Author Amrit Raj, in an interaction with The Daily Guardian, tells how the Royal Enfield brand was built into a thing of veneration for thousands of bike enthusiasts across the country and beyond.

By now, the image—and more importantly, the sound—of a Bullet making its way through the rough terrain of the Himalayan belt is a part of India’s collective consciousness. But it took Royal Enfield quite a journey to reach this point as a trusted brand and the centre of a “cult” in India.

In his book, Indian Icon: A Cult Called Royal Enfield, Amrit Raj looks at how the efforts of Eicher’s Vikram Lal and son, Siddhartha, along with others, built the brand into a thing of veneration for thousands across the country and beyond.

In an interview with The Daily Guardian, author Amrit Raj shares what he finds the most fascinating about the Royal Enfield community and what lessons are to be learnt from the story behind the brand.

Q. What led you to write on this subject?

A: I think the idea had been brewing for some time, primarily because of two reasons. I remember we would often discuss the Indian consumer brands that could go global, and I am talking about discussions that happened 7-8 years ago. We were appalled to see that India did not have a single consumer brand that was truly global and that’s when my quest to identify Indian brands that could evolve into global icons began. Many brands came close – one of them being Kingfisher Airlines – pity! The other was Haldiram’s, but two brands on the list were the creations of one business family: Good Earth, for its intimate touch of a world lifestyle, and Royal Enfield’s Classic motorcycle, which was simply a head-turner.

Moreover, I began to wonder what has made the brand into a cult icon. If you look at other consumer brands like a Maruti or a Hero, they offer fuel efficiency, cost of ownership; you look at Land Rovers, and they are known for their luxury, reliability, and durability; or IKEA, which is known for cost-efficient designs. But here was a motorcycling brand that is not affordable, was a fuel guzzler and led to awful ownership experience. Yet, it enjoyed an iconic status! At best, I found that these motorcycles offered their customers a certain kind of charisma or ‘swag’.

In a nutshell, the idea behind writing a book on Enfield emerged from the brand itself, and it was triggered by the part in me which is a storyteller at heart.

Q. The book is a product of extensive research and insightful writing. What was the entire process like? What was your favorite part of it?

A: I think the whole process itself—of meeting people, hearing their views, knowing why certain things are done in a particular manner—was inspiring enough to pen down this book. Of the several layers that are there in the book, I enjoyed profiling some of the people who have been associated with the brand in unofficial capacities in a sign that Royal Enfield might belong to a business family, but make no mistake, Royal Enfield has always belonged to its riders.

Q. What can Royal Enfield’s successful turnaround story teach Indian entrepreneurs in the era of ‘Aatmanirbhar Bharat’?

As: To truly make ‘Aatmanirbhar Bharat’ successful, I think Indian companies need to define their core and expand their scope and opportunities. For Indian companies to become global icons, they must have zero tolerance for lousy quality standards, which cannot be achieved overnight. Despite its misgivings on the quality front, Royal Enfield has chased the best processes and bars in the past 10-12 years. It is pretty much getting to a level where one can put its motorcycles at par with its global counterparts’ quality. I think Indian companies and entrepreneurs could take a leaf out of Royal Enfield’s books on this front.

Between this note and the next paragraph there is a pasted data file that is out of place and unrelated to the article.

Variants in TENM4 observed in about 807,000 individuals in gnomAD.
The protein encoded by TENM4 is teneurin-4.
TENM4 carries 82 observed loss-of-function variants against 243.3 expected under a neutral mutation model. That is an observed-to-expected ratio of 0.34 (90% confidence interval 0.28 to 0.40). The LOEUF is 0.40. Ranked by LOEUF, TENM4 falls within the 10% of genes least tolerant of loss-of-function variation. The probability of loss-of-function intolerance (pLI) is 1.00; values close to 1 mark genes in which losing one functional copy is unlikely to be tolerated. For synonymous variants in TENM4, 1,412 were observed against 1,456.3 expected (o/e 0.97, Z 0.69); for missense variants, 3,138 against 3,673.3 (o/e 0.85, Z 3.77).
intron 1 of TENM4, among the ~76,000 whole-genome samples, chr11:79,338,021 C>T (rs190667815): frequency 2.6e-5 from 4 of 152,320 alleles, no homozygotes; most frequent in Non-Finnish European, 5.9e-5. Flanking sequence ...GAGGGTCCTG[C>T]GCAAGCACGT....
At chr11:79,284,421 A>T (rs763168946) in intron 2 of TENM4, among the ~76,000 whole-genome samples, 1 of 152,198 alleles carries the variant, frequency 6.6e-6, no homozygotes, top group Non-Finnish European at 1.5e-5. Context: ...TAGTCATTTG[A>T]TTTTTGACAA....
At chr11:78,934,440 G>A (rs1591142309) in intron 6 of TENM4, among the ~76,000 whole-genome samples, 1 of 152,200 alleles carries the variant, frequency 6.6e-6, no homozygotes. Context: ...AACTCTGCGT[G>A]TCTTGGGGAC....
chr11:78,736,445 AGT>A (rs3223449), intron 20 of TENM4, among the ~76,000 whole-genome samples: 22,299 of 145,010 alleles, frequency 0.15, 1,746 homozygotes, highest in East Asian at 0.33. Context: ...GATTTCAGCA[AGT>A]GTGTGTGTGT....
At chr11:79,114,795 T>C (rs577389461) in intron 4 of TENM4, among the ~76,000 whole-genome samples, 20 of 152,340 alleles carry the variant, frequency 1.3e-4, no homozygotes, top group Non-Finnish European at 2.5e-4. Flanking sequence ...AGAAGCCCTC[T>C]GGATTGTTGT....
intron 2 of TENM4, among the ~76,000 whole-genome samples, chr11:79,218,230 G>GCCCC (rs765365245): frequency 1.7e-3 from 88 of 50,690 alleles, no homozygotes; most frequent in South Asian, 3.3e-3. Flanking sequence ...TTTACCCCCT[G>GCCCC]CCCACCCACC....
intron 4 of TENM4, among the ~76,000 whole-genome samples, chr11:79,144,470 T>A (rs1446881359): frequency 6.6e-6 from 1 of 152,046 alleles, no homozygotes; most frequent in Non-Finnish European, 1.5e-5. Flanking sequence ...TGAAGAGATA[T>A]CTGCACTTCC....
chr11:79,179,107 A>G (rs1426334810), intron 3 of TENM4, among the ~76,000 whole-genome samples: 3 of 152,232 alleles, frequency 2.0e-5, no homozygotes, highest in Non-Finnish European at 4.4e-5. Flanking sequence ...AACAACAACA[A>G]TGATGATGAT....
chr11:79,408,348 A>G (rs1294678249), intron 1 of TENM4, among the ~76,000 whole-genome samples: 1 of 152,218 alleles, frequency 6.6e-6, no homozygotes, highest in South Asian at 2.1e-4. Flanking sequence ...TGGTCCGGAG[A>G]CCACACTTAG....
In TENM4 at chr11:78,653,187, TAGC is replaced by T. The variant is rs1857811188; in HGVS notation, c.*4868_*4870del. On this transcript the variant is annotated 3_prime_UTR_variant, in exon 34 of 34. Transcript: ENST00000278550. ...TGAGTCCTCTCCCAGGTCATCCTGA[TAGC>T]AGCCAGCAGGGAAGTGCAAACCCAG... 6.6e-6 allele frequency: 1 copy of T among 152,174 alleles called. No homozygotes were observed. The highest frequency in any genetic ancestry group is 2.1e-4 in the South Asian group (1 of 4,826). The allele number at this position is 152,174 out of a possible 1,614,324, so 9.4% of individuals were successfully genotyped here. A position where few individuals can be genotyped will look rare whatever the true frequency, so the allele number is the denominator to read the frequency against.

Q. Royal Enfield outgrew its British roots to stand as a homegrown brand with an international presence, something which even non-bikers would recognize anywhere. What are the key lessons that branding and marketing professionals can take away from this?

A: I think what they got very right initially was that they identified their story playbook well and kept building on that. During research for the book, when I was trying to decode the phenomenon behind the brand enjoying this cultish status, I realized they had been successful in selling an idea – which was about exploring this world. People were buying Enfields thinking that they would leave their mundane lives behind and ride to the Himalayas one day. That built a lot of aspirations centred on the brand and added a novelty factor to it—reflecting in their stock price for the longest time.

Q. Do you have a favourite memory attached to a Royal Enfield bike?

A: I remember going to Leh with some friends on a bike trip. As we left Leh and started riding up the mountains towards the Pangong Tso, the curvy roads begun to deteriorate. We were riding in June-end or early July when the Border Roads Organisation was still removing the snow. There were no roads in many places since they had been washed away by the melting snow. The cold winds were piercing through our bodies amid thinning oxygen cover. It was not an easy exercise for beginners, but during the trip, I noticed something unique, something surreal, that made me think. I saw the Royal Enfield community’s camaraderie, taking everybody along, helping one another, not leaving anybody behind, giving ‘thumbs up’ to the bikers coming in from the opposite direction in a signal that all is well (and a thumbs down if there was something wrong, like a landslide.) That shows how much they cared about each other and how one brand held so many emotions together.

Q. Tell us something about the web series based on your book.

A: I can tell now that book rights have been sold to a prominent production house, and they will announce its visual adaptation soon.